Gay U.S. Air Force Lt. Joshua Seefried, who is facing sexual assault charges, confirmed that he waived his right to a pre-court martial evidentiary proceeding known as an Article 32 hearing at an arraignment on April 4 at Andrews Air Force Base.
The arraignment followed a decision by Air Force prosecutors last year to reinstate charges that Seefried engaged in wrongful and abusive sexual conduct and forcible sodomy. The charges stem from allegations by a gay U.S. Marine lieutenant that Seefried performed sexual acts on him in a New York hotel room in 2012 while the Marine was intoxicated and unable to give consent.
A military investigator who presided over two previous Article 32 hearings in the Seefried case concluded following both proceedings that there was insufficient evidence to prove the allegations against Seefried and that a court martial would most likely result in Seefried’s acquittal.
The investigator, Col. Robert Preston, recommended against a court martial and called for the charges to be dropped. Preston’s second recommendation came after a U.S. Coast Guard officer, who had been with Seefried and the Marine at the New York hotel room when the sexual assault allegedly occurred, testified that the Marine had consented to a three-way sexual encounter with him and Seefried.
Despite this testimony and Preston’s recommendations, Maj. General Darryl Burke, commander of the Air Force District of Washington, overruled Preston’s recommendations both times and ordered that the case go to court martial.
At the April 4 arraignment, Seefried’s military attorney, Capt. Allen Abrams, confirmed that Seefried also had requested that he be allowed to resign from the Air Force in lieu of a court martial and that the request was denied. Abrams didn’t say who denied the request.
But two sources familiar with the case have told the Washington Blade that Air Force Secretary Deborah Lee James denied the resignation request in December after it had been approved by Air Force prosecutors and Burke.
At the time Air Force prosecutors agreed last year to allow Seefried to resign in lieu of a court martial, they dropped the charges pending against him to facilitate the resignation agreement, even though under Air Force regulations such an agreement cannot be finalized unless it is approved by the Air Force Secretary.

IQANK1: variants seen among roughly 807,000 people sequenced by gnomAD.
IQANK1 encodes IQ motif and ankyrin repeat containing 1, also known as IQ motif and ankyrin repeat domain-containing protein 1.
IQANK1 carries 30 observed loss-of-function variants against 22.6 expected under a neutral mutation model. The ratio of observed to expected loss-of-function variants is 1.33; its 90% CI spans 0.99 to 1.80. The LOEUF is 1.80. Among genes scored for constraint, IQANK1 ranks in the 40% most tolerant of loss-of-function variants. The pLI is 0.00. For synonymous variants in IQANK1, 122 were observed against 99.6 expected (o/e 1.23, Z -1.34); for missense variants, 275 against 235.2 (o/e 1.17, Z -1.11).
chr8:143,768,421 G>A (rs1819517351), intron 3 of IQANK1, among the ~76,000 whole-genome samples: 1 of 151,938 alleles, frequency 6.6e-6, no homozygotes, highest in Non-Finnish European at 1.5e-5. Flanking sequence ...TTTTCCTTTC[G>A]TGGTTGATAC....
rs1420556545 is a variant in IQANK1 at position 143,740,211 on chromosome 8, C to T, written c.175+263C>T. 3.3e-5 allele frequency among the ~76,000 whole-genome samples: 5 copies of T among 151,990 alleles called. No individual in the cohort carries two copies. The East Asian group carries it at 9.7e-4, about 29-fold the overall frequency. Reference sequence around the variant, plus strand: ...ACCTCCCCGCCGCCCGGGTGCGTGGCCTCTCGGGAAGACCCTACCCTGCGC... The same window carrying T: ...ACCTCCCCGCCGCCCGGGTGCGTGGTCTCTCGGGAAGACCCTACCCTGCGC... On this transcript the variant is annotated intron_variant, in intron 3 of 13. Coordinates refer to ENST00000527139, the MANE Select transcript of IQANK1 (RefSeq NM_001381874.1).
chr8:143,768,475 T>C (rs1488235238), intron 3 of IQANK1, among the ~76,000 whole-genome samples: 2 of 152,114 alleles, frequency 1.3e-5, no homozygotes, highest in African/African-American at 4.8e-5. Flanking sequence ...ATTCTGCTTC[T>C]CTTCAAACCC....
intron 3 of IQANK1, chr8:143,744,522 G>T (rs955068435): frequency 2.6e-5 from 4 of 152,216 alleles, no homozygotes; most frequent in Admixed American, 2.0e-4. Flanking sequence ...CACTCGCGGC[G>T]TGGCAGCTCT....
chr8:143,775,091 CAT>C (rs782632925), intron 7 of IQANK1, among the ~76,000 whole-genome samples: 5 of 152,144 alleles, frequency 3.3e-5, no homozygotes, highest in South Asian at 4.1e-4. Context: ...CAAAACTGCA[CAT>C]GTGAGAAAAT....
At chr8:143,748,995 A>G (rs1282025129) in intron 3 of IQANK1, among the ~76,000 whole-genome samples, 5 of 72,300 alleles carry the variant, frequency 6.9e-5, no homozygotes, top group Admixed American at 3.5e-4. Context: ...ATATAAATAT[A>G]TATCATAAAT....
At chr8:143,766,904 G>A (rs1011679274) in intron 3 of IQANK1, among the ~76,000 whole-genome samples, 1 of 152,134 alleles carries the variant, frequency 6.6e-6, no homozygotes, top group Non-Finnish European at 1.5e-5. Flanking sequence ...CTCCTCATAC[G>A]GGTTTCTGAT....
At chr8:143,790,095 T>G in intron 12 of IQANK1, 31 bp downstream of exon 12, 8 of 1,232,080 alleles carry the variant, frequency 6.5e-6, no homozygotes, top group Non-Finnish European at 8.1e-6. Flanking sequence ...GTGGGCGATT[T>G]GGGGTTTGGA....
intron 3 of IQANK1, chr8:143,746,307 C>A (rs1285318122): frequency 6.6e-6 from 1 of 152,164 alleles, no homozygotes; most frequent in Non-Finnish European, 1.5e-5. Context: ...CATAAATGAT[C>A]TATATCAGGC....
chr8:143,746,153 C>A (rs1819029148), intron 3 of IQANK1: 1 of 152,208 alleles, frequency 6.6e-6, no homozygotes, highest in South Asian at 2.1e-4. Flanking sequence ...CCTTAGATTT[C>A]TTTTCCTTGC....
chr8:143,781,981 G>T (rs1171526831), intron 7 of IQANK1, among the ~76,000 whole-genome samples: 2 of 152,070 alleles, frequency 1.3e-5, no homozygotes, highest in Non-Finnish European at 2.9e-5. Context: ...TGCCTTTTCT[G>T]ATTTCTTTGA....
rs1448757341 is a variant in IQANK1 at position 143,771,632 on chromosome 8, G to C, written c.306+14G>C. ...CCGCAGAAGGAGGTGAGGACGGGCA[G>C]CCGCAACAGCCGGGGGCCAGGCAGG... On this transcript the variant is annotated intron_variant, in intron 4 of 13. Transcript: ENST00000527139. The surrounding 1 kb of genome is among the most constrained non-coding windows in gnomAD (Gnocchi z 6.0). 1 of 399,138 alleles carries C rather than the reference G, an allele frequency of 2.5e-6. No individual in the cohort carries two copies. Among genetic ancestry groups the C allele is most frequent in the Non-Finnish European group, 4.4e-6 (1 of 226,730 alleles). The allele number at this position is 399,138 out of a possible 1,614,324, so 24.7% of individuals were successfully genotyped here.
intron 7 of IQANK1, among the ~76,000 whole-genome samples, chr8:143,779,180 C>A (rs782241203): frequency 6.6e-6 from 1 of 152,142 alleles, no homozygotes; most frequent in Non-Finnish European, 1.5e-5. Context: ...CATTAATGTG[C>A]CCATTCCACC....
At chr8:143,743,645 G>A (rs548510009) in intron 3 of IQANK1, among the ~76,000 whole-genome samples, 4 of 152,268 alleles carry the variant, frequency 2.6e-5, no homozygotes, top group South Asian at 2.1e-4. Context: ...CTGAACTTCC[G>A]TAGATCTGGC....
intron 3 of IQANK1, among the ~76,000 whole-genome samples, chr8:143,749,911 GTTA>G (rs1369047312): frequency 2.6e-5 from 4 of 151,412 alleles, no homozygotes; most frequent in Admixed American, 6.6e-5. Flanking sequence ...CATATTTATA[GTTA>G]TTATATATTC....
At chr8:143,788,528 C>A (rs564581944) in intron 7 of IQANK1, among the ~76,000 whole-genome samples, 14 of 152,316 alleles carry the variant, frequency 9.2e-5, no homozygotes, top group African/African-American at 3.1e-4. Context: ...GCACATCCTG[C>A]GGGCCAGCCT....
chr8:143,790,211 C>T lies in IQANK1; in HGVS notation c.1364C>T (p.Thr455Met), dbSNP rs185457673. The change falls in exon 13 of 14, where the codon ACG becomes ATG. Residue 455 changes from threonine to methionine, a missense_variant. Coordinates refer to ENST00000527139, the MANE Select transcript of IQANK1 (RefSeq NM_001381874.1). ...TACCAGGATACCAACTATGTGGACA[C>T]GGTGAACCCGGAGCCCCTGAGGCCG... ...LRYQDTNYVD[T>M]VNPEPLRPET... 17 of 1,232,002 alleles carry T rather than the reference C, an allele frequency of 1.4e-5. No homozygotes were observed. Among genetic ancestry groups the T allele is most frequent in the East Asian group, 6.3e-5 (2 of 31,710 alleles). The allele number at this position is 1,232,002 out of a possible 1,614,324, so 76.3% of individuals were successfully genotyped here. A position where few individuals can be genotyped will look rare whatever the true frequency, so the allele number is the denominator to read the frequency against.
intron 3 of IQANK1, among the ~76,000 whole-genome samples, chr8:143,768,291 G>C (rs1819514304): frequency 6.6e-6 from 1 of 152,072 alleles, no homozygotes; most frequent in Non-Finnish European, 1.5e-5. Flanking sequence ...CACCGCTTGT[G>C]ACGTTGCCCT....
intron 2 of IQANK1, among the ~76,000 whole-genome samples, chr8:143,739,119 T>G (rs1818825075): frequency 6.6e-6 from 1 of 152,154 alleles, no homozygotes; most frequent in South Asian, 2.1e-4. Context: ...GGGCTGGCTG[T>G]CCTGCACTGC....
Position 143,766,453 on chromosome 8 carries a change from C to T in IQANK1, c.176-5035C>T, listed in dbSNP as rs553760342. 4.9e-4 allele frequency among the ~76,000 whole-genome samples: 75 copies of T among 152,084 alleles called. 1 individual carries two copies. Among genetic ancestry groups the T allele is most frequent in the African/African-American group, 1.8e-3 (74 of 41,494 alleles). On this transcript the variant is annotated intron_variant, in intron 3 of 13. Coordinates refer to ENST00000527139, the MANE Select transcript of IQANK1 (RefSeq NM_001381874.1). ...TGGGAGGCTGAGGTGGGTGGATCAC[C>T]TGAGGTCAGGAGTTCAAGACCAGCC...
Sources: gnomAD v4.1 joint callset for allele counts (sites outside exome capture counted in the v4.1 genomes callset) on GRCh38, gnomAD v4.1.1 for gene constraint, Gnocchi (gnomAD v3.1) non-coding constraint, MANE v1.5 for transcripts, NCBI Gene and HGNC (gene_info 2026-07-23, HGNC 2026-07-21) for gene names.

An Air Force spokesperson has declined to confirm or deny that the resignation request and its denial by Air Force Secretary James had taken place, saying such developments were personnel matters that are not part of the public record. The spokesperson, Lt. Col. Joel Harper, said the sexual assault charges were dropped and reinstated in Seefried’s case as part of an “administrative matter” for which he could not provide further details.
The judge presiding over the Monday, April 4 arraignment, Lt. Col. Andrew Kalavanos, set a tentative date of July 18 for a pre-court martial motions hearing. He noted that the court martial has been scheduled to begin on Aug. 22.
Air Force observers familiar with the case have said they expect Seefried’s civilian attorney to reintroduce a motion calling for dismissal of the case on grounds of unlawful command influence. The attorney, Richard Stevens, had introduced a similar motion last year, which became null and void when the charges against Seefried were dropped to pursue the resignation in lieu of court martial option.
Stevens argued at the time he first introduced the motion that Maj. Gen. Burke appeared to be under pressure from members of Congress and Pentagon officials who have criticized the military in recent years for not being aggressive enough in prosecuting sexual assault cases.